Perfect storm drives down NEM wholesale electricity prices, but “the only way is up”?

Reputex, a respected forecaster in the energy industry is reporting that while wholesale energy prices have been driven down during 2020, “the only way is up?”. Below is an excerpt from their full article which you can read here

The coronavirus pandemic has helped to create a perfect storm for the wholesale electricity market. With lower gas and coal prices, reduced operational demand, the commissioning of large renewable energy projects, and increased hydro and coal-fired availability seeing NEM regional average prices fall to to $33-59, 17 to 45% below the same period last year, the lowest level since 2014-15.

 

We discuss the current price environment and the key drivers of our Central Case forecast below.

Lower operational demand

Despite the widespread economic impact of the COVID-19 pandemic, its impact on Australia’s total electricity demand was modest (compared to international markets) due to the large reduction in commercial demand being offset by large increases in residential demand, along with the continued operation of large industrial facilities, which make up a relatively large proportion of Australian electricity demand.

Compared to Q2 2019, operational demand is down 2 per cent, with COVID-19 contributing an estimated 2 per cent reduction and increased distributed photovoltaics (PV) resulting in a further 1 per cent reduction, partially offset by a 1 per cent increased heating requirements due to cooler weather. The overall decline remains within recent trends, however, energy consumption is projected to continue to decline for the next several years, leading to a medium-term loosening in the supply-demand balance though the first half of the decade.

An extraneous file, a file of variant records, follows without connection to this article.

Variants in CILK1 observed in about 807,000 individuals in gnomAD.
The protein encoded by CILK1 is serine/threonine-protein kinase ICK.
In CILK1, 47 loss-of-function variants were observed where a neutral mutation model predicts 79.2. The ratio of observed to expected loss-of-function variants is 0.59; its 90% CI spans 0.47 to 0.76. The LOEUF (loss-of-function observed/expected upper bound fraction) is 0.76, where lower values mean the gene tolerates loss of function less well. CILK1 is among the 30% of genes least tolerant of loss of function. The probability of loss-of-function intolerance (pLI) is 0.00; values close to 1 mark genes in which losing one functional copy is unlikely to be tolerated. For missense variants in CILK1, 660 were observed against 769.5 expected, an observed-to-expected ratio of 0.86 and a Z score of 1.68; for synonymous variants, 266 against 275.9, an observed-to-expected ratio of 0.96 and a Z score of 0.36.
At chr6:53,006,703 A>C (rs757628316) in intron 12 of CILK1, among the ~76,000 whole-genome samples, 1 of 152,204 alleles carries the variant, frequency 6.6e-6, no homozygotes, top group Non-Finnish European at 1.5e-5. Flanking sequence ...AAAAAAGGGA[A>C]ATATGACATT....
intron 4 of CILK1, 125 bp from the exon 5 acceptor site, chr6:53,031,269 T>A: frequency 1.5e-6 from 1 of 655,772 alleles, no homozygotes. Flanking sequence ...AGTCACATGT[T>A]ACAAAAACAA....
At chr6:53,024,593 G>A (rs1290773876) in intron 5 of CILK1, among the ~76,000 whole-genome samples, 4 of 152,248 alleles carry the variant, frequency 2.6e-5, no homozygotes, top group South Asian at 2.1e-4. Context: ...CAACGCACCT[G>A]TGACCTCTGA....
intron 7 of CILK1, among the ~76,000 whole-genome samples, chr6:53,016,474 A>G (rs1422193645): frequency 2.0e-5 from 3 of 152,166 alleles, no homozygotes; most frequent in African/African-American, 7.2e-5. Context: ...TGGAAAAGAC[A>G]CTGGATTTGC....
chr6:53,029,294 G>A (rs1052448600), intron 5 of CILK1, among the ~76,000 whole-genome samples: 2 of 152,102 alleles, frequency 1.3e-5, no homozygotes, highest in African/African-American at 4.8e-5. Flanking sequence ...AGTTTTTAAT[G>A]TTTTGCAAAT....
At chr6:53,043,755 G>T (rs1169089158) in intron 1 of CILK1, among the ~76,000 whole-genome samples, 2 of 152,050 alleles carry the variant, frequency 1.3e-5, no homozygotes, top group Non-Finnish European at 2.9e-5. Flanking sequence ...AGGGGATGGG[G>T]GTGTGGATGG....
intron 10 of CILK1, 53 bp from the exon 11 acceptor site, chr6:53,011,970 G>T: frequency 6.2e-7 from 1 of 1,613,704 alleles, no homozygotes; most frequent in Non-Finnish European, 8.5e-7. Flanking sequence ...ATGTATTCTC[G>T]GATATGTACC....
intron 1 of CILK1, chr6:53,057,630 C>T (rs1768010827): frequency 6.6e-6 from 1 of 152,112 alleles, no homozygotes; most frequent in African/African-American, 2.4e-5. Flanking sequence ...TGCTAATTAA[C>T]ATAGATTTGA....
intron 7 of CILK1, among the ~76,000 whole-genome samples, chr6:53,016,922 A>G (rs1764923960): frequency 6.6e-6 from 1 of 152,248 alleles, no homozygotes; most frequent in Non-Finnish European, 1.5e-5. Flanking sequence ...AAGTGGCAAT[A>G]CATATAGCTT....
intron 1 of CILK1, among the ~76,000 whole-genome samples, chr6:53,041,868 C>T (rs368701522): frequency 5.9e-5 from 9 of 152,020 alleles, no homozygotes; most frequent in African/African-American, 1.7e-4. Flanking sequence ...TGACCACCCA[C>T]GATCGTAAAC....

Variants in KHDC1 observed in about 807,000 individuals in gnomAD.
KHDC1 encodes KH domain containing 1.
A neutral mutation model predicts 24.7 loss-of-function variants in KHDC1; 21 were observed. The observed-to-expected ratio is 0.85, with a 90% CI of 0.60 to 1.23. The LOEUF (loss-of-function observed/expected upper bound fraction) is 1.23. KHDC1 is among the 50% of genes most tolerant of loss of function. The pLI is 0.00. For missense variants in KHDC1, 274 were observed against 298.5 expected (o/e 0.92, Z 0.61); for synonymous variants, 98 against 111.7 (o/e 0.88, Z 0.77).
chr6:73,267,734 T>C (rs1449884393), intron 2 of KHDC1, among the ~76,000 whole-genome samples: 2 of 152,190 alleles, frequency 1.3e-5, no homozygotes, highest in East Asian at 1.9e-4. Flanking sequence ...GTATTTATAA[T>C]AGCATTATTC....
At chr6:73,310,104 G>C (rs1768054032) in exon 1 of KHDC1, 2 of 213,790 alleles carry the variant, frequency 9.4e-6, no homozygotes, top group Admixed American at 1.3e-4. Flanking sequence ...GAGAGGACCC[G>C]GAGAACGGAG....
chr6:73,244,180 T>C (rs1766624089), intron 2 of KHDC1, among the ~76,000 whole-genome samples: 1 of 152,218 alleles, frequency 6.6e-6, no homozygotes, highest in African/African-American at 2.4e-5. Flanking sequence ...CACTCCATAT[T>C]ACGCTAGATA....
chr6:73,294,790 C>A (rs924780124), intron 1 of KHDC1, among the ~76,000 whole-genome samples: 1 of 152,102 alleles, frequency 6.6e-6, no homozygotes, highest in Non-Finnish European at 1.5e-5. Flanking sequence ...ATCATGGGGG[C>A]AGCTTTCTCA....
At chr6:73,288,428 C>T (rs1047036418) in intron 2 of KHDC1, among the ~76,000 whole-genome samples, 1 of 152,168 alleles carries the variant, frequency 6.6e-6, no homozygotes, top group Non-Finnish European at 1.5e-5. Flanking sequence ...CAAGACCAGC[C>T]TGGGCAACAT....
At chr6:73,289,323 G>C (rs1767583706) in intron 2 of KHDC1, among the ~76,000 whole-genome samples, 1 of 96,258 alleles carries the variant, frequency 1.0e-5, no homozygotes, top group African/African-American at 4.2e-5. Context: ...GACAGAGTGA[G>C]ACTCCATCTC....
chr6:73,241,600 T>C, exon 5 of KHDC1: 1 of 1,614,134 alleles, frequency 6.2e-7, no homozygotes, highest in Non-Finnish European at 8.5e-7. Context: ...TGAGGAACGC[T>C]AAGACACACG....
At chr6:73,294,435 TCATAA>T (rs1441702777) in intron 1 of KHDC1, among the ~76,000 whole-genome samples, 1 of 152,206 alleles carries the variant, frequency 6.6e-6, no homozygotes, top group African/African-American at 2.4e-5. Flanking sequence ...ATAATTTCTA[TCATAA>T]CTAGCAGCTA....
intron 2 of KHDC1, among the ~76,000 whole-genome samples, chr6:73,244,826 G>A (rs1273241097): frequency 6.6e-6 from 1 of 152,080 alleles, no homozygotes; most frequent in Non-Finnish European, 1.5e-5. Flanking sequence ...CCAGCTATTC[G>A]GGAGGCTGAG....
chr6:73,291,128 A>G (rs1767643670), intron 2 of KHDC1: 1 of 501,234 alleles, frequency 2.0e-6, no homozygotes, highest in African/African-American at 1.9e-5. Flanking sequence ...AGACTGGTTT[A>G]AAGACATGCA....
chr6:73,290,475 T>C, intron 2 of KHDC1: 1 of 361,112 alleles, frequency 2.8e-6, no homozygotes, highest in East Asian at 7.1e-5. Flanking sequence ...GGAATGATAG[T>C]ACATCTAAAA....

Commissioning of large-scale renewables

Just 0.6 GW of solar and wind capacity have been commissioned so far in 2020, down from 2.6 GW in 2019. Although utility-scale solar and wind continue be built at an impressive rate, the final step of delivering electricity into the grid has experienced major delays in some zones due to outdated grid infrastructure.

Despite this, more than 3.8 GW of new wind and solar remains committed to enter the NEM. Existing supply between construction and final commissioning will also increase output as transmission restrictions and other curtailment issues are resolved. In total, we anticipate the commissioning of 4.7 GW of large-scale renewables over the next two years, driven by large wind projects in NSW and VIC. This excludes more than 2 GW per year of behind-the-meter supply that will also be added at current build rates.

Collapse in fossil fuel prices

The largest driver of the drop in wholesale prices is the role of gas. COVID-19 has caused demand to collapse, driving significant price volatility in the oil, LNG and thermal coal markets. Brent Crude oil prices reached a low of around A$30 per barrel towards the end of April, before recovering to between A$60-65 per barrel. Japan Korea Market (JKM) liquified natural gas (LNG) prices fell to a record low of A$2.77/gigajoule (GJ).

 

 

The only way is up for wholesale electricity prices?

Given that the current low wholesale price environment is being driven by a perfect storm of downward drivers (which are likely to persist), as one or more of these factors change, wholesale prices may now have nowhere to go but up in the longer-term.

Low fossil fuel prices, along with continuing soft demand, are anticipated to keep wholesale prices significantly lower than we have recently experienced over the medium-term. We forecast prices to stabilise around current levels, between $40 and $65 per MWh, except during summer quarters when the market is estimated to remain tight during certain periods.